The undergraduate minor program of study in Statistics at FVSU is sponsored by U.S. National Science Foundation (NSF) and is open to all undergraduate students majoring in STEM fields including Biology, Chemistry, Computer Science and Information Systems, Electronic Engineering Technology, Management, and Mathematics.
- Establish a minor program in Statistics within the existing Department of Mathematics and Computer Science.
- Develop students’ statistical knowledge, thinking and methods in almost all activities that require scientific and data driven decisions through offering a program of study in this field and engaging students in laboratory based hands-on activities
- Improve enrollment and retention in STEM fields at FVSU
- Develop students’ sense of belongingness to a wider and reliable academic family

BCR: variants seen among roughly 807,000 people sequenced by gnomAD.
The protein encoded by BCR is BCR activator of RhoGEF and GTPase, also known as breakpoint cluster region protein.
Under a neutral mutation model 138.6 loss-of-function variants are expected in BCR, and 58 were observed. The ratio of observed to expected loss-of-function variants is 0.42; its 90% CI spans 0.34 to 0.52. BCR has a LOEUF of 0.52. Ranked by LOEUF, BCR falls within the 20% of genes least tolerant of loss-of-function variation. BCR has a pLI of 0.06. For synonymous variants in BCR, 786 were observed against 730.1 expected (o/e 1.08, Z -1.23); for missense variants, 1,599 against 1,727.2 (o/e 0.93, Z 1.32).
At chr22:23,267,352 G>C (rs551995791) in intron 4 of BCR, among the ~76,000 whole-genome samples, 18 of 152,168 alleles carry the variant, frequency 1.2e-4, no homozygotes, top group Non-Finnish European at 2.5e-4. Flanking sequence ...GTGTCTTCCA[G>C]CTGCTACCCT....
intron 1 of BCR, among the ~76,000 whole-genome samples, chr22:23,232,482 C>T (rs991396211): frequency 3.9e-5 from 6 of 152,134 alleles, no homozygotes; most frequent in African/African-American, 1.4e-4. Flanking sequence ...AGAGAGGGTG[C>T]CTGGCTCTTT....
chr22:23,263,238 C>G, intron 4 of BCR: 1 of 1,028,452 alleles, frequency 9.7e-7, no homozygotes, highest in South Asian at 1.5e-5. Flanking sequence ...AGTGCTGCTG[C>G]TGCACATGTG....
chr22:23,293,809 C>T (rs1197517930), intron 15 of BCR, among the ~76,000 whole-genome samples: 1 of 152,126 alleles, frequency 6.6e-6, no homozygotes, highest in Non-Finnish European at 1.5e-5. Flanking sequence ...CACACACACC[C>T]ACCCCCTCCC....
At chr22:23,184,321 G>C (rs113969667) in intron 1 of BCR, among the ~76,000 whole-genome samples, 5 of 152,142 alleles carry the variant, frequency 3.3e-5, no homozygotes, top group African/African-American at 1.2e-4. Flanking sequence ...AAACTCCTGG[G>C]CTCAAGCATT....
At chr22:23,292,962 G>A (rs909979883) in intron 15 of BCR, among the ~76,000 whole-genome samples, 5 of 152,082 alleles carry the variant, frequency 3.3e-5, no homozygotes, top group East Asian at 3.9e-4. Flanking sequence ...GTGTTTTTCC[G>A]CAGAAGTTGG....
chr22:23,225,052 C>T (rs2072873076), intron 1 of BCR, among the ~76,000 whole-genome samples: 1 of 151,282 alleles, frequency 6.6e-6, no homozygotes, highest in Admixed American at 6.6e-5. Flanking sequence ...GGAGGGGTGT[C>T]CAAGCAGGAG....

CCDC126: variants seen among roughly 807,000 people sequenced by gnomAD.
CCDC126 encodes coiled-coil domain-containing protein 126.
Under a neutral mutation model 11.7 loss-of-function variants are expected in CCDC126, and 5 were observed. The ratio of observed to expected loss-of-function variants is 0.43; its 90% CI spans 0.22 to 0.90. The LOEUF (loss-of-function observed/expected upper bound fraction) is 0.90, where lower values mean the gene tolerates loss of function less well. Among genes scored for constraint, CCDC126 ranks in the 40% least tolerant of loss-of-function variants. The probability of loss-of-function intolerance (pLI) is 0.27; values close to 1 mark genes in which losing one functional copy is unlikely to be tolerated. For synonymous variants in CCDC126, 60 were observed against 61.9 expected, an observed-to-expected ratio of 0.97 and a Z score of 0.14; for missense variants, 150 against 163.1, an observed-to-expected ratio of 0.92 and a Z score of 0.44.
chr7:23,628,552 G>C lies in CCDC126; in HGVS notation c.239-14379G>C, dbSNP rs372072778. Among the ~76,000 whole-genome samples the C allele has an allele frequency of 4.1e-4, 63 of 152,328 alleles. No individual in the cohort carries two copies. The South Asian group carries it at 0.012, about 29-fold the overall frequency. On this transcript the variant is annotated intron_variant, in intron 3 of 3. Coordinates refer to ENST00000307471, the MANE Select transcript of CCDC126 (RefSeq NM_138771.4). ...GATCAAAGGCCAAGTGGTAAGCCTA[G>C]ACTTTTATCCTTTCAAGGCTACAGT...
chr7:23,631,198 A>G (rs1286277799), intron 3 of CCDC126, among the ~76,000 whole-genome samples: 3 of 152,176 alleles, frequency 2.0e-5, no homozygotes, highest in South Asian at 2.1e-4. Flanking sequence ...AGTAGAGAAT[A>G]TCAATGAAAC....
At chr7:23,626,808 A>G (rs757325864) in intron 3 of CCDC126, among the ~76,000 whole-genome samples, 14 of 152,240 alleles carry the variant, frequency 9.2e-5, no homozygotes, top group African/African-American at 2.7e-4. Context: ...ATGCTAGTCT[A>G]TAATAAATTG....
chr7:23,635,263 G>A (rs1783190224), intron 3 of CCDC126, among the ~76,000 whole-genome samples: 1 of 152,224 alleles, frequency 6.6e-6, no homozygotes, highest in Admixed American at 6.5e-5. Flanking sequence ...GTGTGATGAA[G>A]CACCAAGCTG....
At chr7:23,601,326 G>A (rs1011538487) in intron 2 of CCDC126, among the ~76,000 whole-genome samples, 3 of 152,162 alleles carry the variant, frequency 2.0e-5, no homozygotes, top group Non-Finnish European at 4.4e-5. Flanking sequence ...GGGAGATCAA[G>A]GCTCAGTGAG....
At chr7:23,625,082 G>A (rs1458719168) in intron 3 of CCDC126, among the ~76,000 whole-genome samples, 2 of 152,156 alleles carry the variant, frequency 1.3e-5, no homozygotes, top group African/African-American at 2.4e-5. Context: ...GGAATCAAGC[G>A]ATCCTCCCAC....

- Provide support to students and faculty members to develop new research, teaching, career development, and leadership projects
- Enhance teaching and research capabilities of STEM programs at FVSU
- Attract more African American students to major in STEM programs
- Establish a basic statistics lab to support the curriculum of the program
The curriculum of the minor program includes the following courses:
- STAT 2113 – Elementary Statistics I – (3 credit hours)
Minor Core (required) Courses (9 Credit Hours)
- STAT 3000 – Statistical Methods I – (3 credit hours)
- STAT 3001 – Statistical Methods II – (3 credit hours)
- STAT 3113 – Applied Regression Analysis – (3 credit hours)
Minor Elective Courses (6 Credit Hours)
- STAT 4010 – Applied Experimental Design – (3 credit hours)
- STAT 4113 – Applied Categorical Data Analysis – (3 credit hours)
- STAT 4011 – Applied Time Series Analysis – (3 credit hours)
Students may take the above courses as their major/free electives.
Outcomes of the Minor Program
After completing the requirements of this minor program, students will be able to:
- Employ statistics principles to scientific systems
- Conduct basic experiments and simulations statistics model
- Work productively in the ares by using applied statistics.